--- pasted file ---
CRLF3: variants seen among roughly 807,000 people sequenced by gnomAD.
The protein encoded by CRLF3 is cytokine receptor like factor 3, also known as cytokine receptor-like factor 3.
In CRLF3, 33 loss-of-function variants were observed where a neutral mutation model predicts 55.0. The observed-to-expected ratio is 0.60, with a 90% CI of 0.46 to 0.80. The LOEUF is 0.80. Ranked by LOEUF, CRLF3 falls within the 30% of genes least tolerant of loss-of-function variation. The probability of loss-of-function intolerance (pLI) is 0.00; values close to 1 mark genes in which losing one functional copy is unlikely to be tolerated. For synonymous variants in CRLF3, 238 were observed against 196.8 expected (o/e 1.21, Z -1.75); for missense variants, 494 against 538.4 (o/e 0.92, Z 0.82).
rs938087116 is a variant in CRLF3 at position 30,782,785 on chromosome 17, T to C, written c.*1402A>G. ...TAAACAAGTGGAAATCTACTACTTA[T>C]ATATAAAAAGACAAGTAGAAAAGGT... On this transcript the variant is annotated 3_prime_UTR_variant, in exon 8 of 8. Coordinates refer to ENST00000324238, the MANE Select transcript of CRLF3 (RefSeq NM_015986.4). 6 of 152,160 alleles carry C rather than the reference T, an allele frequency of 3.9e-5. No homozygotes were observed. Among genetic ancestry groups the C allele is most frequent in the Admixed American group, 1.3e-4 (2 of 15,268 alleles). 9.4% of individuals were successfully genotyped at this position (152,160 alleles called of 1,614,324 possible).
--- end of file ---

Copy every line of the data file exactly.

CRLF3: variants seen among roughly 807,000 people sequenced by gnomAD.
The protein encoded by CRLF3 is cytokine receptor like factor 3, also known as cytokine receptor-like factor 3.
In CRLF3, 33 loss-of-function variants were observed where a neutral mutation model predicts 55.0. The observed-to-expected ratio is 0.60, with a 90% CI of 0.46 to 0.80. The LOEUF is 0.80. Ranked by LOEUF, CRLF3 falls within the 30% of genes least tolerant of loss-of-function variation. The probability of loss-of-function intolerance (pLI) is 0.00; values close to 1 mark genes in which losing one functional copy is unlikely to be tolerated. For synonymous variants in CRLF3, 238 were observed against 196.8 expected (o/e 1.21, Z -1.75); for missense variants, 494 against 538.4 (o/e 0.92, Z 0.82).
rs938087116 is a variant in CRLF3 at position 30,782,785 on chromosome 17, T to C, written c.*1402A>G. ...TAAACAAGTGGAAATCTACTACTTA[T>C]ATATAAAAAGACAAGTAGAAAAGGT... On this transcript the variant is annotated 3_prime_UTR_variant, in exon 8 of 8. Coordinates refer to ENST00000324238, the MANE Select transcript of CRLF3 (RefSeq NM_015986.4). 6 of 152,160 alleles carry C rather than the reference T, an allele frequency of 3.9e-5. No homozygotes were observed. Among genetic ancestry groups the C allele is most frequent in the Admixed American group, 1.3e-4 (2 of 15,268 alleles). 9.4% of individuals were successfully genotyped at this position (152,160 alleles called of 1,614,324 possible).